Purpose: This study aims to summarise analysed nutrient data for Australian chicken meat and compare analysed data for Australian chicken meat with overseas data.
Approach: Analysed nutrient data for Australian chicken meat was compared with publicly available English language databases from overseas countries. Where similar cuts were available ratio plots were developed to determine similarities and differences. Baked chicken leg was highest in total fat and wings were composed of the greatest amount of monounsaturated fat.
Findings: Nutrient values for calcium, zinc and vitamin E were greatest in the chicken leg, iron in the chicken thigh and the B vitamins varied between chicken breast (niacin), chicken thigh (riboflavin and thiamin). Data for Australian chicken meat was most different from European data and most similar to New Zealand data. The greatest variations were identified for the total fat and fatty acid values.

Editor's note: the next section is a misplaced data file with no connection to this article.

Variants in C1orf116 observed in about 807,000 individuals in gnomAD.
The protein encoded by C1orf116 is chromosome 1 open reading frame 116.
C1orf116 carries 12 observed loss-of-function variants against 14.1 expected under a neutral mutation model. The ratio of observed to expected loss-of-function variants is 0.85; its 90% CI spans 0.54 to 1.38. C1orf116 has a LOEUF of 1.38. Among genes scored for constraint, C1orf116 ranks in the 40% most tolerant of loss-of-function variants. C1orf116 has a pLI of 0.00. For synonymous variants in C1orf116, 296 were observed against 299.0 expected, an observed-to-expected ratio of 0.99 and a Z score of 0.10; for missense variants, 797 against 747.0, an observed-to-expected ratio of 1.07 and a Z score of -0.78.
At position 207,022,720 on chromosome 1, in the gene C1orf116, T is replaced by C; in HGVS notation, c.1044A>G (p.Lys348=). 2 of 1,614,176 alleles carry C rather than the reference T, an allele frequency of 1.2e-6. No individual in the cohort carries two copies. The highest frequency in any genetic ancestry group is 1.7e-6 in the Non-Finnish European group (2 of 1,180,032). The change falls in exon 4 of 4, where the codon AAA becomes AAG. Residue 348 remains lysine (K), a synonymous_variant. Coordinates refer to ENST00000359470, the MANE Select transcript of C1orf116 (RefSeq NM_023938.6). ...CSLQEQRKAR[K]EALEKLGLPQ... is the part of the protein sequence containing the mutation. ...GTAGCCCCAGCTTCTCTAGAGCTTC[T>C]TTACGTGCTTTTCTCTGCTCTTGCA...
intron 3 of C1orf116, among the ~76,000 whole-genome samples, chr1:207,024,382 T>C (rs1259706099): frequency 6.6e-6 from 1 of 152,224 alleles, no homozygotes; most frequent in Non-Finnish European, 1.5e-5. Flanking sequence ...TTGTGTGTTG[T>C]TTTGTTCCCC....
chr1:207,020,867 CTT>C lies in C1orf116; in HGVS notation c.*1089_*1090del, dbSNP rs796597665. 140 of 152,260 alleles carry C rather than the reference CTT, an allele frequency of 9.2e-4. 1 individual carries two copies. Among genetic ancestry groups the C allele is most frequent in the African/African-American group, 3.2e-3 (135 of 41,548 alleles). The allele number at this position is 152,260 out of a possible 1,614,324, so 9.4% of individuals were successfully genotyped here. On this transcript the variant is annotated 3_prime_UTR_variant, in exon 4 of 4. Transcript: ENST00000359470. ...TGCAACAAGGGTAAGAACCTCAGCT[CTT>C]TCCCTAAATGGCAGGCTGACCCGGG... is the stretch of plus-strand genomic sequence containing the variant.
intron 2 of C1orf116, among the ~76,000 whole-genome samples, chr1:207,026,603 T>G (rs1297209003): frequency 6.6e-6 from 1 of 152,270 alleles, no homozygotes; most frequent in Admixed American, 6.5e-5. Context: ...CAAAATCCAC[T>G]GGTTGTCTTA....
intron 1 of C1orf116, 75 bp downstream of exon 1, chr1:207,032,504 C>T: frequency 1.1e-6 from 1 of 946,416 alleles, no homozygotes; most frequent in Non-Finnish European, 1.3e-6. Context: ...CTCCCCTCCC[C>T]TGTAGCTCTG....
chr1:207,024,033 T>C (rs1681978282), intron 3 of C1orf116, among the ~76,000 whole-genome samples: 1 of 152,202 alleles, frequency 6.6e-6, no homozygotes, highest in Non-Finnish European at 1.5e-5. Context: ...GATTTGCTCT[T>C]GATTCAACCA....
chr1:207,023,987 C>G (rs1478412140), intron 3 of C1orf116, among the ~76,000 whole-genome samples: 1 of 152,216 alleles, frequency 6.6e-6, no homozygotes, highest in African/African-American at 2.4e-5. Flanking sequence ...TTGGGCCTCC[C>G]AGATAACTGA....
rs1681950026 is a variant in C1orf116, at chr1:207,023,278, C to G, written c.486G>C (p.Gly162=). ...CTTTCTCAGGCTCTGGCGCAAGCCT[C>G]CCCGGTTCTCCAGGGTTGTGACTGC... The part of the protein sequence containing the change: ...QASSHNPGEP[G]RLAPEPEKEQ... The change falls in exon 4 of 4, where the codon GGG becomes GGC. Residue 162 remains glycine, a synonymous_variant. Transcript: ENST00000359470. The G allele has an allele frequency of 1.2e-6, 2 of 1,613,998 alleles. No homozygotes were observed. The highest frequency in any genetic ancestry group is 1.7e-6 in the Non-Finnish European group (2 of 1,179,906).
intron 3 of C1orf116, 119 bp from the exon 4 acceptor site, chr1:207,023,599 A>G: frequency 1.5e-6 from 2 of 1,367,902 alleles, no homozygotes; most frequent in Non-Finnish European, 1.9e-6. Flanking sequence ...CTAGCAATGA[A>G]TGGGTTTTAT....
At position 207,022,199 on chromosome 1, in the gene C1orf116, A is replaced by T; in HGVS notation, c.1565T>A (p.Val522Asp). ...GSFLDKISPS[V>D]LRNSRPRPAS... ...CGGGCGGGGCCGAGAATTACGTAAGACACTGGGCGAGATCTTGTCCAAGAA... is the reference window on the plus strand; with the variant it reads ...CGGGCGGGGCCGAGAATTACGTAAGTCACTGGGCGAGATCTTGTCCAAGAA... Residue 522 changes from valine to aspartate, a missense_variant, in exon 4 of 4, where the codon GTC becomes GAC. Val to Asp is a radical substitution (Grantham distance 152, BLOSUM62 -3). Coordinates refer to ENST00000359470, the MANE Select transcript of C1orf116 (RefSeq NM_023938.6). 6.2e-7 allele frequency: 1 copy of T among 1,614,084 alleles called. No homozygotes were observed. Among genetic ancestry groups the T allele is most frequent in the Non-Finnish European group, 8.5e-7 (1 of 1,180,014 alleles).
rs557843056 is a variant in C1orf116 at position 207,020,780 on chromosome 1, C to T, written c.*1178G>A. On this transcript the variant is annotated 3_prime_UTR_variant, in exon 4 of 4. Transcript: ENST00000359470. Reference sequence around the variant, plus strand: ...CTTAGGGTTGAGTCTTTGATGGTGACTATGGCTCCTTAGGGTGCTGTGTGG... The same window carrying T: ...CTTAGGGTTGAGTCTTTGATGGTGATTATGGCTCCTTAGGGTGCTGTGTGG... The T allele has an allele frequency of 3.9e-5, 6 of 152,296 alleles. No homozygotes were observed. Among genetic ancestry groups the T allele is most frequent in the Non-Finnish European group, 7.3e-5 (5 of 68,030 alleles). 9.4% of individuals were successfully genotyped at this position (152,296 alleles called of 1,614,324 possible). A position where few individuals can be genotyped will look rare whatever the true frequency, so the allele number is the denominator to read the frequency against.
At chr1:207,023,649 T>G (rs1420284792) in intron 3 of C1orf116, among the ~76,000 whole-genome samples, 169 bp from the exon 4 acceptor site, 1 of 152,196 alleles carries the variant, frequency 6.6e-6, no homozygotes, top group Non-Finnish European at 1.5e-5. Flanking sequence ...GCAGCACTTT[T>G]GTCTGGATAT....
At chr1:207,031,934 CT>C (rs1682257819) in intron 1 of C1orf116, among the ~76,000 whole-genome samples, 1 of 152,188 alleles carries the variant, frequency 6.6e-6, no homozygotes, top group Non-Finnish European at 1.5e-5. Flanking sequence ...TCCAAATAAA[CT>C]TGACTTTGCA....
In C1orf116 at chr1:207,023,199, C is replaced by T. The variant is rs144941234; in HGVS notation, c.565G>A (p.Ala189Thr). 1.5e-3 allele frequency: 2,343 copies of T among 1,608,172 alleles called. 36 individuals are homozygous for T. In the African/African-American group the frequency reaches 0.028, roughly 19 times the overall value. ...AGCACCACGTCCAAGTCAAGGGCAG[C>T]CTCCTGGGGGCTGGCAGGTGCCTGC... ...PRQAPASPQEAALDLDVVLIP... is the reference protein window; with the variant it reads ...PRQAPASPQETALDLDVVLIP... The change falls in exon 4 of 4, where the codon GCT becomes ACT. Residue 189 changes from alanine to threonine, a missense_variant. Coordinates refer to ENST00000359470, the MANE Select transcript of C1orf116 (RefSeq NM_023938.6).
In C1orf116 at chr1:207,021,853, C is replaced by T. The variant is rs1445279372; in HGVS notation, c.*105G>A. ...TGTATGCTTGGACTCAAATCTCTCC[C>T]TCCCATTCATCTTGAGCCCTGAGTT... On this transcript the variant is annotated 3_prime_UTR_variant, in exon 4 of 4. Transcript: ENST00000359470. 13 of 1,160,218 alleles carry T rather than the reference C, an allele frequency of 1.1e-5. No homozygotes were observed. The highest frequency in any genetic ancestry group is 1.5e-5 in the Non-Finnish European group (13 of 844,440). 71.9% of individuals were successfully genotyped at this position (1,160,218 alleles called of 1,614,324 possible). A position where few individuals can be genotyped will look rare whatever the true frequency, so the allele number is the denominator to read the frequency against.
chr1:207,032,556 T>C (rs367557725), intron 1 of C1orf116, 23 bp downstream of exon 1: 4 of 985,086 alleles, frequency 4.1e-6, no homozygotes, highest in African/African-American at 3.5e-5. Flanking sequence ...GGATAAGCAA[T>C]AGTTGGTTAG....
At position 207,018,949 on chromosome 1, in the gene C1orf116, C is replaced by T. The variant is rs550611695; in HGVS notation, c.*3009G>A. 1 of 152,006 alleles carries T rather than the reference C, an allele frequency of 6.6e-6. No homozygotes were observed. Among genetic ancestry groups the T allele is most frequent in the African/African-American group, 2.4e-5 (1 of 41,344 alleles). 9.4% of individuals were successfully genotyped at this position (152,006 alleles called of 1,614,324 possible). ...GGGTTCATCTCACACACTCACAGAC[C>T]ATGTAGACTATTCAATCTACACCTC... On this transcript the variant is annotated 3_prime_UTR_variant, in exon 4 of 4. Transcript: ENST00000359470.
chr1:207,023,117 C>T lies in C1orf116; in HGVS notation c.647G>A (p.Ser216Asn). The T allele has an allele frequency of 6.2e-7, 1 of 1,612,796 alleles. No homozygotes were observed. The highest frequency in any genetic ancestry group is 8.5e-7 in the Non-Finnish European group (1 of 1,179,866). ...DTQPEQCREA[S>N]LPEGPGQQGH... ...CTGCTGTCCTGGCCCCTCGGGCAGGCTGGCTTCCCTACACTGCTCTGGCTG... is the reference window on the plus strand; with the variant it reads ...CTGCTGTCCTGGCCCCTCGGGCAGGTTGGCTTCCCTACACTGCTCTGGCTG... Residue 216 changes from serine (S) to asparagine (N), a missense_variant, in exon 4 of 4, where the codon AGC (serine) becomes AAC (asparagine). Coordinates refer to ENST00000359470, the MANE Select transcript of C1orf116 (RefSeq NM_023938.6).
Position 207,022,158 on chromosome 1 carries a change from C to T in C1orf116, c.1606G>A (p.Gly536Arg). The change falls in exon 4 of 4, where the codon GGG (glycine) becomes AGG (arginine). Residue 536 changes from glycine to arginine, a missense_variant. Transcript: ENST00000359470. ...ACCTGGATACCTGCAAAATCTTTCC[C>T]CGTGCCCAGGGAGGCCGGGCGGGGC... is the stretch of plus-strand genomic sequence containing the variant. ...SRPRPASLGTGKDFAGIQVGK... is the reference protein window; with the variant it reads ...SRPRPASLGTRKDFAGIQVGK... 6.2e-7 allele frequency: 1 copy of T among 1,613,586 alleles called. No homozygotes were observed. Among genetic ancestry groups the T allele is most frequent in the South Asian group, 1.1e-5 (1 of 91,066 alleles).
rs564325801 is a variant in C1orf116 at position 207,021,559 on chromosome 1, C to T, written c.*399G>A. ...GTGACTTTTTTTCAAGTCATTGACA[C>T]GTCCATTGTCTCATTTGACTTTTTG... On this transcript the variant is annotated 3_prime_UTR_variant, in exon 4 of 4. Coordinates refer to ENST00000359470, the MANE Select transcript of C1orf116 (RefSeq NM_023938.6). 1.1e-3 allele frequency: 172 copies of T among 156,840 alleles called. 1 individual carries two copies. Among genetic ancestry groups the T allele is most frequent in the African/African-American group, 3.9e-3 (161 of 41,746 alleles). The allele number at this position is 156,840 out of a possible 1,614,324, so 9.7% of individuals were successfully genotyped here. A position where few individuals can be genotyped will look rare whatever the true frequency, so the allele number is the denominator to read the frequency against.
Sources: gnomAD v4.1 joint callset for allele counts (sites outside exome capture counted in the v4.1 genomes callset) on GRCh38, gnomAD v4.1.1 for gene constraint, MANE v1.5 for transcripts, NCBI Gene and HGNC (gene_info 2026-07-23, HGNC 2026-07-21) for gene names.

Practical implications: The large differences signify the importance of using local nutrient values and the need to regularly update food composition databases with analysed rather than calculated data.
Originality/value: This study is unique as it provides comprehensive nutrient data for a lean meat source which is popular Australian. The study also indicates the limitations associated with sourcing food composition data from other databases, despite using the same food name.